A fighter with a big name to live up to

Beethoven Scottland faces IBF's No. 2-ranked fighter

March 23, 2000|By Alan Goldstein | Alan Goldstein,SPECIAL TO THE SUN

What's in a name? Take Beethoven Scottland, the Maryland super middleweight who battles title contender Thomas Tate in the 10-round main event at Michael's Eighth Avenue in Glen Burnie tonight.

You just know there has to be a story behind the unusual name.

"Actually, I was christened `Beethavean,' " Scottland explained. "But it was spelled wrong by a Maryland boxing official when I started fighting professionally in 1995, so I'm still listed as `Beethoven' in the ring record book."

But like the building of a great symphony, the story gets better.

"My father is a professional piano player who appears regularly at a club in Alexandria, Va., under the name Sherlock Holmes," the fighter said. "But his real love is music, and that made him name all his kids after great composers. My older brother is named Bach, and my sister is Mozetta, a variation on Mozart."

The children all played musical instruments at an early age, but Beethoven soon gave up the trumpet for boxing, turning pro at age 19.

He enjoyed early success, winning his first six bouts before fighting to a draw with Robert Thomas and then being stopped by Alan (Boogaloo) Watts.

Managerial problems and being forced to fight repeatedly out of town resulted in consecutive losses to Eric Harding in 1997, when Scottland began to wonder if he had a future in boxing.

"It had gotten to the point where I was just fighting anyone, anywhere trying to pay my bills and take care of my wife and kids," said Scottland, the father of three, the youngest named Beethavean, II. "I was fed up with boxing and needed time to clear my mind."

He found a job in a Prince George's mall bookstore, working for Simba Sana, who had trained at the same Mitchellville gym with Scottland.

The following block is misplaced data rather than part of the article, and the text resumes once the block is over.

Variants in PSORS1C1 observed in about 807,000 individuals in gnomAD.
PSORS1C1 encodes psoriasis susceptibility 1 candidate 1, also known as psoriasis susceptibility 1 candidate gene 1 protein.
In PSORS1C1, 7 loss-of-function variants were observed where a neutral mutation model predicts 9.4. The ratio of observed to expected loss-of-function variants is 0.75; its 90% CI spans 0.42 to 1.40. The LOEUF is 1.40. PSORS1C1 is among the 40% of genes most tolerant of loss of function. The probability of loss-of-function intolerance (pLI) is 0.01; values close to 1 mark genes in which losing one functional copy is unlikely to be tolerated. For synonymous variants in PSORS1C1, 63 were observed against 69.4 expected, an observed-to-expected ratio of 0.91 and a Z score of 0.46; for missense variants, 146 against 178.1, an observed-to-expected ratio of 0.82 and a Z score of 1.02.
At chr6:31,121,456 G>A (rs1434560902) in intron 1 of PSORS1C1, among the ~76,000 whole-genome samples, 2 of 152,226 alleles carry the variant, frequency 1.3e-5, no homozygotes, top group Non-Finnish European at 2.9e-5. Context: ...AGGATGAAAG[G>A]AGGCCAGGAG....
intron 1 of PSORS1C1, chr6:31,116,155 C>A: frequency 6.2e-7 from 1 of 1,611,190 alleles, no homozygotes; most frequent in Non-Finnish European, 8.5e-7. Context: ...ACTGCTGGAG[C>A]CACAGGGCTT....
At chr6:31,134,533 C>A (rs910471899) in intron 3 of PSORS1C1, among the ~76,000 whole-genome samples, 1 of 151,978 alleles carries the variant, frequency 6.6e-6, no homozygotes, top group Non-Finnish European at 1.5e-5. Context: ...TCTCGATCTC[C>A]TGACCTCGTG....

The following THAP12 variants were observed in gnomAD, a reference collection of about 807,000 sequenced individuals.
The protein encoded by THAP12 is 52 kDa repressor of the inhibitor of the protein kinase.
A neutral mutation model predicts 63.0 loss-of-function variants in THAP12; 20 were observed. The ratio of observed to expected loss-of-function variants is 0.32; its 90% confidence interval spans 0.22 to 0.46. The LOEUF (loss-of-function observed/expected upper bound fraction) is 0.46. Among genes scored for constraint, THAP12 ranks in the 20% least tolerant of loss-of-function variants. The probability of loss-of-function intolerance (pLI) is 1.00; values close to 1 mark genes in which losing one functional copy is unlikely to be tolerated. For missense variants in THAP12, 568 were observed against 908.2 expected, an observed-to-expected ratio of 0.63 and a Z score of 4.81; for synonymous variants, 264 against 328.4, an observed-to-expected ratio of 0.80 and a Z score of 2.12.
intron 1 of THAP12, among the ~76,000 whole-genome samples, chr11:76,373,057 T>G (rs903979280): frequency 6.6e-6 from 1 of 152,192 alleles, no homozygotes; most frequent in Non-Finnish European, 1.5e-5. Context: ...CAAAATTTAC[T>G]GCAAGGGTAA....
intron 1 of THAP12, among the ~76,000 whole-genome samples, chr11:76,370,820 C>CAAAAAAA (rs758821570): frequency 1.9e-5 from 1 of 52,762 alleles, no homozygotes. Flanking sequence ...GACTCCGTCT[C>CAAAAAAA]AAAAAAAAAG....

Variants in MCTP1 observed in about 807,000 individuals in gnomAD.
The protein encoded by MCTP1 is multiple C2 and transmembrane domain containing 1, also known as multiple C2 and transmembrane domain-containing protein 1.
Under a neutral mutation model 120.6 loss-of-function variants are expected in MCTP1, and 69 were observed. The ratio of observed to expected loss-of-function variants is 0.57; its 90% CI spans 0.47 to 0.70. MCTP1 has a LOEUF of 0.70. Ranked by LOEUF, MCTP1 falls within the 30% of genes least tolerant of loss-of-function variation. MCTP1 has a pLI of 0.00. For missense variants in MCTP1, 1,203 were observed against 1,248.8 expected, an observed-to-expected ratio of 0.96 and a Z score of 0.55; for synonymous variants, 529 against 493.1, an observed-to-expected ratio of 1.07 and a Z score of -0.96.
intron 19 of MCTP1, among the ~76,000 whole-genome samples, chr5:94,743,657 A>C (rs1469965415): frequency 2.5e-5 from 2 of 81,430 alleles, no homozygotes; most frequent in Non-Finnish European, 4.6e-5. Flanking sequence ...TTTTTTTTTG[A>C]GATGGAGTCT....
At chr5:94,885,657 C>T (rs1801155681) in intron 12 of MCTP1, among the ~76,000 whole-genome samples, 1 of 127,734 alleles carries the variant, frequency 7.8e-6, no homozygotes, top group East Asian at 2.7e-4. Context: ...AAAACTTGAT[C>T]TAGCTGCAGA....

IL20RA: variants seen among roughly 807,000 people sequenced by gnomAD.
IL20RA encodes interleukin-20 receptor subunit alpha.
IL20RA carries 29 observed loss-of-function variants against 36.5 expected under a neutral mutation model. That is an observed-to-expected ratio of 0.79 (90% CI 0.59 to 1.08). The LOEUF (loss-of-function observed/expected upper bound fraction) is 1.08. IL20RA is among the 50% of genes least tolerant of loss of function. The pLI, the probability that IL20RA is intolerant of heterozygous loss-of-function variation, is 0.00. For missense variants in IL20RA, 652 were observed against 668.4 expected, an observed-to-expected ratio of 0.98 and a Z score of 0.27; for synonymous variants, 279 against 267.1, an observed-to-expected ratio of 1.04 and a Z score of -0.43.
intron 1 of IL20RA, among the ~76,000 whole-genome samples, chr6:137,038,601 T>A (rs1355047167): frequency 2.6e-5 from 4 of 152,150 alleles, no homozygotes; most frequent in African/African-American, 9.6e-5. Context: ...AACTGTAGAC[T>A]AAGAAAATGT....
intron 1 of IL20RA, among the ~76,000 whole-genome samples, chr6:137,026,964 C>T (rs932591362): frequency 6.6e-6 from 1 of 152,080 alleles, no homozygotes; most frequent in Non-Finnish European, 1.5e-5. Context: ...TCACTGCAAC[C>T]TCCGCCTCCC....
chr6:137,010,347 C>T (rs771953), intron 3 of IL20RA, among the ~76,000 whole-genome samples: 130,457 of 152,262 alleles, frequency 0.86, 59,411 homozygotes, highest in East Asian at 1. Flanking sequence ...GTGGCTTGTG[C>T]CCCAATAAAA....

"I thought `Bee' was extremely talented but just wasn't being handled correctly," said Sana, who signed an agreement with Scottland in 1998. "I made sure he wouldn't take fights on short notice or be overmatched. I wanted to rebuild his confidence."

Some may question the wisdom of matching Scottland (18-5-2) against Tate (36-6), a veteran ranked No. 2 by the International Boxing Federation who has traded punches with Roy Jones, Julian Jackson and Merqui Sosa.

Only Jones, perhaps the best fighter pound-for-pound, has succeeded in stopping Tate, who lasted only two rounds in challenging for the middleweight crown six years ago.

"Tate is a crafty veteran," said Scottland, "but I think the timing is right. I respect him, but he's just a person in my way. I want to do the things he's done -- fight for a world title. I've been told by people involved with the ratings that I'll get a high ranking if I beat him."

Although he has not fought the same caliber of competition as Tate, Scottland says his regular sparring sessions against World Boxing Association middleweight champion William Joppy and title challengers Andrew Council and Derrell Coley have prepared him to fight the best in his 168-pound class.

"I'm ready and confident," said Scottland, who has a big name to live up to, no matter how you spell it.

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